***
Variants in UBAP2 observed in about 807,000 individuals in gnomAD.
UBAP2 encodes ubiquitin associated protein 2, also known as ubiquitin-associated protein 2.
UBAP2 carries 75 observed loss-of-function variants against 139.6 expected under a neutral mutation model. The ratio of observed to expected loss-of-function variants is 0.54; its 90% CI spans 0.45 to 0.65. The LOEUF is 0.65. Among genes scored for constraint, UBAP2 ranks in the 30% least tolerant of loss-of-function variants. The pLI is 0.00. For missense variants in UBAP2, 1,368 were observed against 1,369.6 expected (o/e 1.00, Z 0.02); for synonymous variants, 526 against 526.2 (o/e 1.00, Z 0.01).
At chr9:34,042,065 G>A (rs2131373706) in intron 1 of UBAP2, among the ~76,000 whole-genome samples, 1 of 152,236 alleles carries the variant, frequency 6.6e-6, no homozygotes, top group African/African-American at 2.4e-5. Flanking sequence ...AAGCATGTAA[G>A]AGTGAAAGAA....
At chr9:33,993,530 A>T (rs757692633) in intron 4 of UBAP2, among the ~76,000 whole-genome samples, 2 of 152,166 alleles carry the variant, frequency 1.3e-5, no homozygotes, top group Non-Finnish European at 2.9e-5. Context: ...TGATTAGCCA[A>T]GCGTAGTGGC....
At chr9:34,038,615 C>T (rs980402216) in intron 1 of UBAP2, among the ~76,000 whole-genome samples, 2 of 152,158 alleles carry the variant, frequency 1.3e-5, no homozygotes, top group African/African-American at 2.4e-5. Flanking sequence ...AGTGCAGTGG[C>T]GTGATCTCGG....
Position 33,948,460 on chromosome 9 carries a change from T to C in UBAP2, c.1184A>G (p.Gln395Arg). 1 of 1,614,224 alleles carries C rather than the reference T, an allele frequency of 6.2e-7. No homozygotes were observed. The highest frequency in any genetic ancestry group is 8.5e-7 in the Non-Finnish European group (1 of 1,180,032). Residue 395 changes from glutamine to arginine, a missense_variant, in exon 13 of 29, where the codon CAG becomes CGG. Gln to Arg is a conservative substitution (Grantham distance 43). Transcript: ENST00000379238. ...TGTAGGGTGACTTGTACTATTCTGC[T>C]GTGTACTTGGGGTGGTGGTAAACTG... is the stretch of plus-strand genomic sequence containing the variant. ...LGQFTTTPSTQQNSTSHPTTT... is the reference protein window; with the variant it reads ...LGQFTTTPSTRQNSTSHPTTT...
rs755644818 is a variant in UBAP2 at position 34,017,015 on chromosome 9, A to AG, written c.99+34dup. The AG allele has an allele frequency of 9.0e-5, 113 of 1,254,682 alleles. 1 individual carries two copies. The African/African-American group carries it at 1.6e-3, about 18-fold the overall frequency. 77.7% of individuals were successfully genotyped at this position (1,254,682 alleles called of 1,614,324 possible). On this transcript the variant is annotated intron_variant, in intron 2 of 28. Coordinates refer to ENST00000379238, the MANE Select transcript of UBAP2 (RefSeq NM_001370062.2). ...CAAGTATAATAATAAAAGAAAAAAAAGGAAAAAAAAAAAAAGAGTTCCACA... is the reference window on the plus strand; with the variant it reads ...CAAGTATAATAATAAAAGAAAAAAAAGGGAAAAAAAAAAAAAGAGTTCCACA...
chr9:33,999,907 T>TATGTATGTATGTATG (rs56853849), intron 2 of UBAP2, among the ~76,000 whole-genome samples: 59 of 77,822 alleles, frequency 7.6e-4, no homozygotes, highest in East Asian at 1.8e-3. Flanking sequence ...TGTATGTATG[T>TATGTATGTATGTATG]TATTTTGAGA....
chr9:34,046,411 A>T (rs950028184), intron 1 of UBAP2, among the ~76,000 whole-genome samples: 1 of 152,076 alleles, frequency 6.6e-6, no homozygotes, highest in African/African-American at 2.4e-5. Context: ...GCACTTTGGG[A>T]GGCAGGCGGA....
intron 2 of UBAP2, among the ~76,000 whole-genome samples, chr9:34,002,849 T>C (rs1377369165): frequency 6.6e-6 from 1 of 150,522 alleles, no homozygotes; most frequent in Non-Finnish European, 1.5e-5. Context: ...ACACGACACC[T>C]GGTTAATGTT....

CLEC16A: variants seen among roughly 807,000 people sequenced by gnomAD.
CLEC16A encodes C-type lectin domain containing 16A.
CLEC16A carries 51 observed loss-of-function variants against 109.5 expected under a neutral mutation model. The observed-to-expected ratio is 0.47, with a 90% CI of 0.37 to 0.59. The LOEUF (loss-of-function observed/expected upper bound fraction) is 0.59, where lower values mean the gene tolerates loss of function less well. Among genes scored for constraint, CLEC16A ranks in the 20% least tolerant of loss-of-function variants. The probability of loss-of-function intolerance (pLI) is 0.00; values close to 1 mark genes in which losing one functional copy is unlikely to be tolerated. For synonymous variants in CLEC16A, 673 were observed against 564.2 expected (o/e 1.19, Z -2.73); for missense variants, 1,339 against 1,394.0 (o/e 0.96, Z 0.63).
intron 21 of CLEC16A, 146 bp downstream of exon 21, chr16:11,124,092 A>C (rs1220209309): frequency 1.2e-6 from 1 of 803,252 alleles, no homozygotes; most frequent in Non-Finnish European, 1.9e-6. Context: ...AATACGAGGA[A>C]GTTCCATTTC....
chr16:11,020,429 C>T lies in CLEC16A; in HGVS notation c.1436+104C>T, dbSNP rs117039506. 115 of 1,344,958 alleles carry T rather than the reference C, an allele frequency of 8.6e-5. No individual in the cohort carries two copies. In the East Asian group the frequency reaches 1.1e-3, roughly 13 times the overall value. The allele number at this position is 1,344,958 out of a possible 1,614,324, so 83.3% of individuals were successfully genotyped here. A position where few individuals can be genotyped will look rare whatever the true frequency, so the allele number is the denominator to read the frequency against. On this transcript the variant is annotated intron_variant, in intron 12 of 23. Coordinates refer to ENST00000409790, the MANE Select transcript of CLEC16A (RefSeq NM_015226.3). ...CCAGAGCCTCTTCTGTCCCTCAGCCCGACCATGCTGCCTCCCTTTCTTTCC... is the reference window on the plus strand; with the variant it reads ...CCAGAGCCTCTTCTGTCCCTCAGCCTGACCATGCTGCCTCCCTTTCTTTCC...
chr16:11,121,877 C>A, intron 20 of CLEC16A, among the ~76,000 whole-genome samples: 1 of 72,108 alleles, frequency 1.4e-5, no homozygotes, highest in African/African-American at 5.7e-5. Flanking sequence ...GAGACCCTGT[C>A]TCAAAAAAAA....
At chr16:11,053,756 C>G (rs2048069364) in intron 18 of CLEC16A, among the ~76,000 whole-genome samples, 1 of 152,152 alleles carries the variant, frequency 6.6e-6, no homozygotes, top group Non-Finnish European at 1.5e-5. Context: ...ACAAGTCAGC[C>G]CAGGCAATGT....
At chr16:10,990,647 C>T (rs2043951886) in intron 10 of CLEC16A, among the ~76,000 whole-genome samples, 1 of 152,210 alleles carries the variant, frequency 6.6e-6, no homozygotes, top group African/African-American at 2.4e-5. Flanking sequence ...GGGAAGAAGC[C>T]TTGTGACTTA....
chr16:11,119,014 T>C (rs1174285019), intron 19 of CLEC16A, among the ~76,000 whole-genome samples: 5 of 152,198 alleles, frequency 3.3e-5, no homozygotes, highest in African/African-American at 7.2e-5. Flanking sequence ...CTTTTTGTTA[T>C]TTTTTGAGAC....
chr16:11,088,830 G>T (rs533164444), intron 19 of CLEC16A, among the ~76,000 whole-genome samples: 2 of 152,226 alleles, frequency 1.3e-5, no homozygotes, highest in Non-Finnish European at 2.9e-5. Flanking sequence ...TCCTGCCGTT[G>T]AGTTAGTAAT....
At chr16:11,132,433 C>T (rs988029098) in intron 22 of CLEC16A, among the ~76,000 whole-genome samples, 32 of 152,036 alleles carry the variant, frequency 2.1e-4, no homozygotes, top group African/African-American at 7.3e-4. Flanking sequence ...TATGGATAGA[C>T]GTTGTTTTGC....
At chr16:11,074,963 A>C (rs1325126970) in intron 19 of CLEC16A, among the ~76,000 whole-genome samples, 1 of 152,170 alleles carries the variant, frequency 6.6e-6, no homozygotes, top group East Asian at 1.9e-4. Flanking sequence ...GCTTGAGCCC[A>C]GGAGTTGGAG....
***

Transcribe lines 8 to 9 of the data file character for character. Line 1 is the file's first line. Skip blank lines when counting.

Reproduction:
rs755644818 is a variant in UBAP2 at position 34,017,015 on chromosome 9, A to AG, written c.99+34dup. The AG allele has an allele frequency of 9.0e-5, 113 of 1,254,682 alleles. 1 individual carries two copies. The African/African-American group carries it at 1.6e-3, about 18-fold the overall frequency. 77.7% of individuals were successfully genotyped at this position (1,254,682 alleles called of 1,614,324 possible). On this transcript the variant is annotated intron_variant, in intron 2 of 28. Coordinates refer to ENST00000379238, the MANE Select transcript of UBAP2 (RefSeq NM_001370062.2). ...CAAGTATAATAATAAAAGAAAAAAAAGGAAAAAAAAAAAAAGAGTTCCACA... is the reference window on the plus strand; with the variant it reads ...CAAGTATAATAATAAAAGAAAAAAAAGGGAAAAAAAAAAAAAGAGTTCCACA...
chr9:33,999,907 T>TATGTATGTATGTATG (rs56853849), intron 2 of UBAP2, among the ~76,000 whole-genome samples: 59 of 77,822 alleles, frequency 7.6e-4, no homozygotes, highest in East Asian at 1.8e-3. Flanking sequence ...TGTATGTATG[T>TATGTATGTATGTATG]TATTTTGAGA....